How cesareans are changing the evolution of the woman’s body

How cesareans are changing the evolution of the woman’s body

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Once, if the baby was stuck in the birth canal, both the mother and the baby would die.

More and more women must undergo a cesarean because they have a pelvis too small to give birth by natural birth.

And, the regular practice of this surgery is having an impact on human evolution, according to a new study published in the journal Proceedings of the National Academy of Sciences.

According to the researchers, cases in which the baby does not fit in the birth canal have increased from 30 in 1000 in the 60s to 36 in 1000 today.

In the past, these genes would not have passed from mother to daughter since both of them, in both cases, would have died in childbirth.

Baby
Copyright of the image THINKSTOCK
Image caption Human babies have bigger heads than babies of other primates.

 

Austrian scientists believe that this trend may continue but not to the point that natural births become obsolete.

“Without modern medical interventions this kind of problems used to be lethal, and this, from the point of view of evolution, is natural selection,” said Philipp Mitteroecker, of the department of theoretical biology at the University of Vienna.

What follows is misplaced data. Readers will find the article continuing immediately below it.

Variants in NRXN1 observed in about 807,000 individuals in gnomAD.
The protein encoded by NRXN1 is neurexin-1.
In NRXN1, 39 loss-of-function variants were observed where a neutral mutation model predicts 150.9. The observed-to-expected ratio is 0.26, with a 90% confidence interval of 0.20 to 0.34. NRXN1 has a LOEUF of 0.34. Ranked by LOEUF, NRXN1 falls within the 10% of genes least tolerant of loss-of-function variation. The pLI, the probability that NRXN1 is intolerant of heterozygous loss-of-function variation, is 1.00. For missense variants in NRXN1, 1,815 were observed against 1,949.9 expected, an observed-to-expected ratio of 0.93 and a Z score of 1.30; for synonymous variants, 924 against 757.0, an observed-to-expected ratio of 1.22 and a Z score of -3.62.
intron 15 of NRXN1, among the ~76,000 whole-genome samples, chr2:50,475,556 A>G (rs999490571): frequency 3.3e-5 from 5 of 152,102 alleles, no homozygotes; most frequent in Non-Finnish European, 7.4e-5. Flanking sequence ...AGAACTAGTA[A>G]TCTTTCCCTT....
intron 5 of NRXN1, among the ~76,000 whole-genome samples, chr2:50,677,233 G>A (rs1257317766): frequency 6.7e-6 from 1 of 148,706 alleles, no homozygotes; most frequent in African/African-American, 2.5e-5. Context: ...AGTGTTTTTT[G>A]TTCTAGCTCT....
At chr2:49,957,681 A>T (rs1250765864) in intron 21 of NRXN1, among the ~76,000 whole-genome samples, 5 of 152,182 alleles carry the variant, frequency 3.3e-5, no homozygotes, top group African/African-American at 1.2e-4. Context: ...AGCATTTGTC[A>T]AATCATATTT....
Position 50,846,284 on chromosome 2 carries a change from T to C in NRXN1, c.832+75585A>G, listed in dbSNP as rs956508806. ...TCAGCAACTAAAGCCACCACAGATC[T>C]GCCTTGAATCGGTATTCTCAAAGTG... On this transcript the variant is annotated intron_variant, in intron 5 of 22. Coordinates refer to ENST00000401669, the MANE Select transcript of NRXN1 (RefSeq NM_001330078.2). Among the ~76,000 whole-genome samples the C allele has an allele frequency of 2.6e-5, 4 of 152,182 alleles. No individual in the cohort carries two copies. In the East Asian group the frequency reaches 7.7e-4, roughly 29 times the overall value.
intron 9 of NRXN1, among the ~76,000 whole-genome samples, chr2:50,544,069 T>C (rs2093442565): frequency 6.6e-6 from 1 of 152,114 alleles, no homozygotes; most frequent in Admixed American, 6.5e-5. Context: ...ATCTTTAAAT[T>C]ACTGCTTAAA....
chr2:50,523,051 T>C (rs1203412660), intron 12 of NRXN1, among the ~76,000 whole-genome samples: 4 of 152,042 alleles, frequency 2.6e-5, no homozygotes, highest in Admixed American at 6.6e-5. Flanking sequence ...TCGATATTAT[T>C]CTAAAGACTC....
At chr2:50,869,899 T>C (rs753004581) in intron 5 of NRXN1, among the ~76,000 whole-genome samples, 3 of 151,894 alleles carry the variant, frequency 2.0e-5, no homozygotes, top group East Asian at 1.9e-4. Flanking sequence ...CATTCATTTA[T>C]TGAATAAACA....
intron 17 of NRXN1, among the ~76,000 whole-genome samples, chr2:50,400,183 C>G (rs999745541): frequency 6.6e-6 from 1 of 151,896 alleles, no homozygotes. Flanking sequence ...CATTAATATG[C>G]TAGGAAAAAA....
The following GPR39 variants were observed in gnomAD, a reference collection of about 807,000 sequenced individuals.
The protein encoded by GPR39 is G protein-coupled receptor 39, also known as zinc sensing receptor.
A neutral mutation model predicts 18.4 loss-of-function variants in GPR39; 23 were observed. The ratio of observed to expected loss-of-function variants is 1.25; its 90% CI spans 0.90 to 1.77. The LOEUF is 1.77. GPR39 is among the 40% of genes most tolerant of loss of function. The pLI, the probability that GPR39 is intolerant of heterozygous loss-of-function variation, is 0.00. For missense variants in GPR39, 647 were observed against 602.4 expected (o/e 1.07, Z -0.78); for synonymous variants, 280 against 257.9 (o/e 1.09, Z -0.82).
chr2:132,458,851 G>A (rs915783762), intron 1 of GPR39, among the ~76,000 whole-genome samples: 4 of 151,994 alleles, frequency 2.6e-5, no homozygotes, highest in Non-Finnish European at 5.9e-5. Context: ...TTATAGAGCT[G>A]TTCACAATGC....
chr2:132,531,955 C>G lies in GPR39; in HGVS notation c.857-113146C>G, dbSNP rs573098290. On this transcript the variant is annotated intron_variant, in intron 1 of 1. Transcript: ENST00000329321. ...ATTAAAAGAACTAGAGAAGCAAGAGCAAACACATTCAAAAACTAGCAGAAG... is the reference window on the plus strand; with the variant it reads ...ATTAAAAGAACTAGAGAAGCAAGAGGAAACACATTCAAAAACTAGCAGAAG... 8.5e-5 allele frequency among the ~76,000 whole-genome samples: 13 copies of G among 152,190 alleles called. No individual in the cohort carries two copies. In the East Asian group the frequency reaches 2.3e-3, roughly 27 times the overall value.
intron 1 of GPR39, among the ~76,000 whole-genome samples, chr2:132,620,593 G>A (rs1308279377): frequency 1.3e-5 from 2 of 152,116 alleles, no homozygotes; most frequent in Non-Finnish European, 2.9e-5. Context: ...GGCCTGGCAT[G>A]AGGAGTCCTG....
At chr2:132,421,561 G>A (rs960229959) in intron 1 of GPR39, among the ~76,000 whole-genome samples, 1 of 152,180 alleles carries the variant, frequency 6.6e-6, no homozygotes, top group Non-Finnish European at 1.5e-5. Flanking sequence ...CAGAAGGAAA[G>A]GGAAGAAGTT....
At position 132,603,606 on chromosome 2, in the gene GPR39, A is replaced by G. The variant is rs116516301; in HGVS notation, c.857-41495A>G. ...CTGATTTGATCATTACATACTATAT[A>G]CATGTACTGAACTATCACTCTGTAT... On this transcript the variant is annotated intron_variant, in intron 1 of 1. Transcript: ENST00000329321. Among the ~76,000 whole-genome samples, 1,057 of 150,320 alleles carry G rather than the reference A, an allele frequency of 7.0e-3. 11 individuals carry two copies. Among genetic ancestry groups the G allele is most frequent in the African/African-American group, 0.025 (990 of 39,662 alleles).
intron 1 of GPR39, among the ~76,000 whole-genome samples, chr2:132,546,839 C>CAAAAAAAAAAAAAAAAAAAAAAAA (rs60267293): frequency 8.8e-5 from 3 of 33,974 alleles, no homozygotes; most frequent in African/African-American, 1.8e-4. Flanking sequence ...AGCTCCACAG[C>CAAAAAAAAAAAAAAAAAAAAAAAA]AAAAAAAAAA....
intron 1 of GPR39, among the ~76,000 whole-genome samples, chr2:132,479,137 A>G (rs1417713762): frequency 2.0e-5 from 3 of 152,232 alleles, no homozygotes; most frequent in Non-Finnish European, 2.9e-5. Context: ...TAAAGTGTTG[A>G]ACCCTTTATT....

Women with a narrow pelvis would not have survived 100 years ago, and now they pass on their genes that encode information for a narrow pelvis to their daughters.”

Opposing forces

Scientists have long wondered why the human pelvis has not widened over the years.

The head of a human baby is large if we compare it with that of other primates, which makes delivery much more difficult than, for example, for chimpanzees.

The researchers designed a mathematical model using data from the World Health Organization and other powerful studies on births.

Mother and son
Copyright of the image THINKSTOCK
Image caption Scientists wonder why hips have not evolved to a larger size.

 

What they found were opposite evolutionary forces.

On the one hand, there is a tendency for larger newborns , who are healthier.

However, if they grow too much, they get stuck during childbirth, which, in the past, was fatal for the mother and the baby, and the mother’s genes, therefore, did not pass to the next generation.

“One side of this selective force, let’s call it the tendency to have smaller babies, is disappearing because of cesareans,” explains Mitteroecke.

“Our intention is not to criticize the medical intervention”, clarifies the expert, but to show “that it has had an evolutionary effect”.

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